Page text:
Exhibition::Remixing Charm : Post-Painterly Art of The Local:Kolkata:03-25 July 2015
Art News & Views

Sensuous Preoccupations of V.S. Gaitonde

by Nanak Ganguly

Broadly, the negotiated space of national/international, in a subliminal manner brought two kinds of subject positions in the Indian art world. First the confrontational and the heroic- outsider to the mainstream and its institutions who upheld a subversive revolutionary identity, and the second that verge on the solipsistic guise, whose reclusive symptoms manifest often through a disquieting expressionism by using the premises of abstractionist formalism. Jacques Derrida called the yearning for disembodied knowledge within Western thought its “heliotropism”- its turn towards the sun in its eagerness for a bright and universal truth, metaphysics pretends that it can do without metaphor, rhetoric, myth, without all the imperfect poetical colouring that animates ordinary language. According to Derrida, the white European replaced the ancient truths of storytelling and poetic transfiguration with pale and bloodless abstract philosophy-that's western minimalism but what about us?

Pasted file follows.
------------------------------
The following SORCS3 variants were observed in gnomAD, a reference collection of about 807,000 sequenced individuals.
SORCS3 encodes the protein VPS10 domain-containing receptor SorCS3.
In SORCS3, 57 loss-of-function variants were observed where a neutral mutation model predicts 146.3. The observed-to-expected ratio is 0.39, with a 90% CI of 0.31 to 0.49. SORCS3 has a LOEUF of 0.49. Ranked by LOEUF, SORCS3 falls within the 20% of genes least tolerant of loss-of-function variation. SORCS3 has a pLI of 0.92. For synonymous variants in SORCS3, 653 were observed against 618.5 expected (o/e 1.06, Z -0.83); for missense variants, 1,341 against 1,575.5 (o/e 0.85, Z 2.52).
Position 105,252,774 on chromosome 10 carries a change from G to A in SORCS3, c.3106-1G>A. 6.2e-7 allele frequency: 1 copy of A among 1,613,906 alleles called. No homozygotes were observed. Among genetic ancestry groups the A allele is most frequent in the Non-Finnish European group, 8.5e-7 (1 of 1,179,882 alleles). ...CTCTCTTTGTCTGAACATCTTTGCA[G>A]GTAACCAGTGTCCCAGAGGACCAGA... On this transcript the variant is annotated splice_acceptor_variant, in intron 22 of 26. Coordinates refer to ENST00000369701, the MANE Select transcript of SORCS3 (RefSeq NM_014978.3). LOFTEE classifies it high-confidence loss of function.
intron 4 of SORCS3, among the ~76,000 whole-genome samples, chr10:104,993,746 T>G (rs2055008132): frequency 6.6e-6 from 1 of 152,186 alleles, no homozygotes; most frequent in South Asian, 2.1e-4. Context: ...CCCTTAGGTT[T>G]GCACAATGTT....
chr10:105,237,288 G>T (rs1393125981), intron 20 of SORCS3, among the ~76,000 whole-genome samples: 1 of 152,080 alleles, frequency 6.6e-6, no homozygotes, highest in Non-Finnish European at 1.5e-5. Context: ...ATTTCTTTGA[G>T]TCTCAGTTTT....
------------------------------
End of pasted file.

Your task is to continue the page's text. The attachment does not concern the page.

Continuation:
One of the distinguished members of Progressive Artists Group (PAG) formed in the year India gained Independence was an artists who lived in small congested spaces and traveled long distances to meet at Chetana restaurant or the Bombay Art Society or by the sea at Marine Drive and at Rampart Row. “The real common denominator for us was significant form. We were expressing ourselves differently, we had different visions during the early days but what was common was a search for significant. Each in his own way, according to his own vision”- (S.H. Raza). In V. S. Gaitonde's (1924 - 2001) work, was that of a strong abstractionist. He transformed early landscape painting into works of great lyrical transcendence according to Yashodhara Dalmia in her essay on the Group PAG for the show at NGMA in 1996 that marked the opening of its Bombay chapter. Tyeb Mehta, noted, “There was something about Gaitonde's work- of course he was very much influenced by Klee- it was very imaginative and poetic. He did figurative work earlier but soon turned to abstraction. He was very close to Palsikar and Mohan Samant- technically, not image wise. They created their own colour by rubbing cowrie shell on colour into another and create unbelievable texture and colour nuances. This was a technique developed by Palsikar”. Gaitonde's colour surfaces are translucent creating almost an underwater ambience with beams of light penetrating the depths. Even the red of his work gets transmuted into light leading to an almost spiritual sublimation. The linear elements run back and forth between these two masses, and occasionally establish distant satellite areas at the end of their sweep. Despite his direct address and immediacy of marking however Gaitonde's work creates a meditative, and sometimes luscious, atmospheric depth that draws the viewer in. Here, accumulating, linear density is reminiscent of the anxious scrawls that seem to be both forming and yet so tormenting and eating away the drawings churn with the rain, stream and speed whose forms are emerging and dissolving in mist and light and dynamism that constitute an internal landscape. The search is spontaneous and a bodying forth of feeling delivering the pleasures of traditional gestural abstraction in a personal or expressive idiom, which is particularly his genius. The vernacular alphabets, the thin lines not too long and calculated to record any single, sweeping movement of the artist's arm, replace spontaneity with the conscious manipulation of its evidence.